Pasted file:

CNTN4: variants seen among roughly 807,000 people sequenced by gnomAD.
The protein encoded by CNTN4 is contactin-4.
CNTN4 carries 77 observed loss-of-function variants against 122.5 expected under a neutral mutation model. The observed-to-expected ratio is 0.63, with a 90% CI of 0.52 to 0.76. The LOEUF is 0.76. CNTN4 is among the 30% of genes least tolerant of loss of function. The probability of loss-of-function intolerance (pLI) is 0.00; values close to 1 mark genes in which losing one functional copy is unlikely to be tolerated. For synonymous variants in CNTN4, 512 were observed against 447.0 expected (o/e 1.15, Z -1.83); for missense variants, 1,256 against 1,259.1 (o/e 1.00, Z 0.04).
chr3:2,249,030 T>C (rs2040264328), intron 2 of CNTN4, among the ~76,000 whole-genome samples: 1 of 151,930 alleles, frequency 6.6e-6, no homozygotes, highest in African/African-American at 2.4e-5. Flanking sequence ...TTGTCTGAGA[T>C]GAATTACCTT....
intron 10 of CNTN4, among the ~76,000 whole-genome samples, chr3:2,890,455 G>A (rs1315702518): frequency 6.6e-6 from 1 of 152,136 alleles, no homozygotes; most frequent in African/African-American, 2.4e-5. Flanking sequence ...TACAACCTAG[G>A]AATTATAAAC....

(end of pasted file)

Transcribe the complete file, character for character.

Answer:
CNTN4: variants seen among roughly 807,000 people sequenced by gnomAD.
The protein encoded by CNTN4 is contactin-4.
CNTN4 carries 77 observed loss-of-function variants against 122.5 expected under a neutral mutation model. The observed-to-expected ratio is 0.63, with a 90% CI of 0.52 to 0.76. The LOEUF is 0.76. CNTN4 is among the 30% of genes least tolerant of loss of function. The probability of loss-of-function intolerance (pLI) is 0.00; values close to 1 mark genes in which losing one functional copy is unlikely to be tolerated. For synonymous variants in CNTN4, 512 were observed against 447.0 expected (o/e 1.15, Z -1.83); for missense variants, 1,256 against 1,259.1 (o/e 1.00, Z 0.04).
chr3:2,249,030 T>C (rs2040264328), intron 2 of CNTN4, among the ~76,000 whole-genome samples: 1 of 151,930 alleles, frequency 6.6e-6, no homozygotes, highest in African/African-American at 2.4e-5. Flanking sequence ...TTGTCTGAGA[T>C]GAATTACCTT....
intron 10 of CNTN4, among the ~76,000 whole-genome samples, chr3:2,890,455 G>A (rs1315702518): frequency 6.6e-6 from 1 of 152,136 alleles, no homozygotes; most frequent in African/African-American, 2.4e-5. Flanking sequence ...TACAACCTAG[G>A]AATTATAAAC....